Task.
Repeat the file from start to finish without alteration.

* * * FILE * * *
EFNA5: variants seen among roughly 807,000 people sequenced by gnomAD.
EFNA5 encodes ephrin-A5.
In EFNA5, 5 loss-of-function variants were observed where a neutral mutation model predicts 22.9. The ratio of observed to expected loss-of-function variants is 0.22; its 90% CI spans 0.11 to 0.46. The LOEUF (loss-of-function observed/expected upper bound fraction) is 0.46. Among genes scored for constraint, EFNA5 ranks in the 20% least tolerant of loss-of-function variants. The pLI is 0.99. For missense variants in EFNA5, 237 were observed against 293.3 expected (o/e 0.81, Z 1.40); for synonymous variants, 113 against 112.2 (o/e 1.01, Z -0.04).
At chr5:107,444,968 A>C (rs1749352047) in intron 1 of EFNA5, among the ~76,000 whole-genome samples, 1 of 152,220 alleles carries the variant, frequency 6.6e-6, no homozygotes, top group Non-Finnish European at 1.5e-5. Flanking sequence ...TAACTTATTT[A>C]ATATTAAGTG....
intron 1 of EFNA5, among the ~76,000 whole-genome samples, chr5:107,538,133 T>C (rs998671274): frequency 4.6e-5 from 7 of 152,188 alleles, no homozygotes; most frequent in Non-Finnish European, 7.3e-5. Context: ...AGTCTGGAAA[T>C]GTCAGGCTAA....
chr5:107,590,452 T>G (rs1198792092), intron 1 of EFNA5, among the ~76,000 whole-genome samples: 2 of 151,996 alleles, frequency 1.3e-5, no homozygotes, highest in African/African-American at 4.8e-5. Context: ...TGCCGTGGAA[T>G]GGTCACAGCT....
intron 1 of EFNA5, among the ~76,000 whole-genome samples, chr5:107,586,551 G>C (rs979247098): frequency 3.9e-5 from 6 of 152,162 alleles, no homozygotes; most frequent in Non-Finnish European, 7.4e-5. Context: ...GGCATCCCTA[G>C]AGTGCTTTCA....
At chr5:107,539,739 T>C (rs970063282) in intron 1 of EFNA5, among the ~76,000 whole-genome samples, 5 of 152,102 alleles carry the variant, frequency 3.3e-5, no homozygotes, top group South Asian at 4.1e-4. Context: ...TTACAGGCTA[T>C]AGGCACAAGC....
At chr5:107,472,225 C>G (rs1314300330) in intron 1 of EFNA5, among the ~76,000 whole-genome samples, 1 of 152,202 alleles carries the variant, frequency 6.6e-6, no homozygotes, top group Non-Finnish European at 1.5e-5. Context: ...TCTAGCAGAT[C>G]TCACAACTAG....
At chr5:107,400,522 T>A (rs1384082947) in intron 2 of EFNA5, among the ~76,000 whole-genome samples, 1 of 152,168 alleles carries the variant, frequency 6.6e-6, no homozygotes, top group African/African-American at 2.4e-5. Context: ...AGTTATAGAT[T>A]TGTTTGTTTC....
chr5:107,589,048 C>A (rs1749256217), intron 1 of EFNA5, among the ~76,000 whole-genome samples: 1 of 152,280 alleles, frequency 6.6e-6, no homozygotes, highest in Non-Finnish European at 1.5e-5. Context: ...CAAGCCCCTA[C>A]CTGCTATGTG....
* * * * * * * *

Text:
EFNA5: variants seen among roughly 807,000 people sequenced by gnomAD.
EFNA5 encodes ephrin-A5.
In EFNA5, 5 loss-of-function variants were observed where a neutral mutation model predicts 22.9. The ratio of observed to expected loss-of-function variants is 0.22; its 90% CI spans 0.11 to 0.46. The LOEUF (loss-of-function observed/expected upper bound fraction) is 0.46. Among genes scored for constraint, EFNA5 ranks in the 20% least tolerant of loss-of-function variants. The pLI is 0.99. For missense variants in EFNA5, 237 were observed against 293.3 expected (o/e 0.81, Z 1.40); for synonymous variants, 113 against 112.2 (o/e 1.01, Z -0.04).
At chr5:107,444,968 A>C (rs1749352047) in intron 1 of EFNA5, among the ~76,000 whole-genome samples, 1 of 152,220 alleles carries the variant, frequency 6.6e-6, no homozygotes, top group Non-Finnish European at 1.5e-5. Flanking sequence ...TAACTTATTT[A>C]ATATTAAGTG....
intron 1 of EFNA5, among the ~76,000 whole-genome samples, chr5:107,538,133 T>C (rs998671274): frequency 4.6e-5 from 7 of 152,188 alleles, no homozygotes; most frequent in Non-Finnish European, 7.3e-5. Context: ...AGTCTGGAAA[T>C]GTCAGGCTAA....
chr5:107,590,452 T>G (rs1198792092), intron 1 of EFNA5, among the ~76,000 whole-genome samples: 2 of 151,996 alleles, frequency 1.3e-5, no homozygotes, highest in African/African-American at 4.8e-5. Context: ...TGCCGTGGAA[T>G]GGTCACAGCT....
intron 1 of EFNA5, among the ~76,000 whole-genome samples, chr5:107,586,551 G>C (rs979247098): frequency 3.9e-5 from 6 of 152,162 alleles, no homozygotes; most frequent in Non-Finnish European, 7.4e-5. Context: ...GGCATCCCTA[G>C]AGTGCTTTCA....
At chr5:107,539,739 T>C (rs970063282) in intron 1 of EFNA5, among the ~76,000 whole-genome samples, 5 of 152,102 alleles carry the variant, frequency 3.3e-5, no homozygotes, top group South Asian at 4.1e-4. Context: ...TTACAGGCTA[T>C]AGGCACAAGC....
At chr5:107,472,225 C>G (rs1314300330) in intron 1 of EFNA5, among the ~76,000 whole-genome samples, 1 of 152,202 alleles carries the variant, frequency 6.6e-6, no homozygotes, top group Non-Finnish European at 1.5e-5. Context: ...TCTAGCAGAT[C>G]TCACAACTAG....
At chr5:107,400,522 T>A (rs1384082947) in intron 2 of EFNA5, among the ~76,000 whole-genome samples, 1 of 152,168 alleles carries the variant, frequency 6.6e-6, no homozygotes, top group African/African-American at 2.4e-5. Context: ...AGTTATAGAT[T>A]TGTTTGTTTC....
chr5:107,589,048 C>A (rs1749256217), intron 1 of EFNA5, among the ~76,000 whole-genome samples: 1 of 152,280 alleles, frequency 6.6e-6, no homozygotes, highest in Non-Finnish European at 1.5e-5. Context: ...CAAGCCCCTA[C>A]CTGCTATGTG....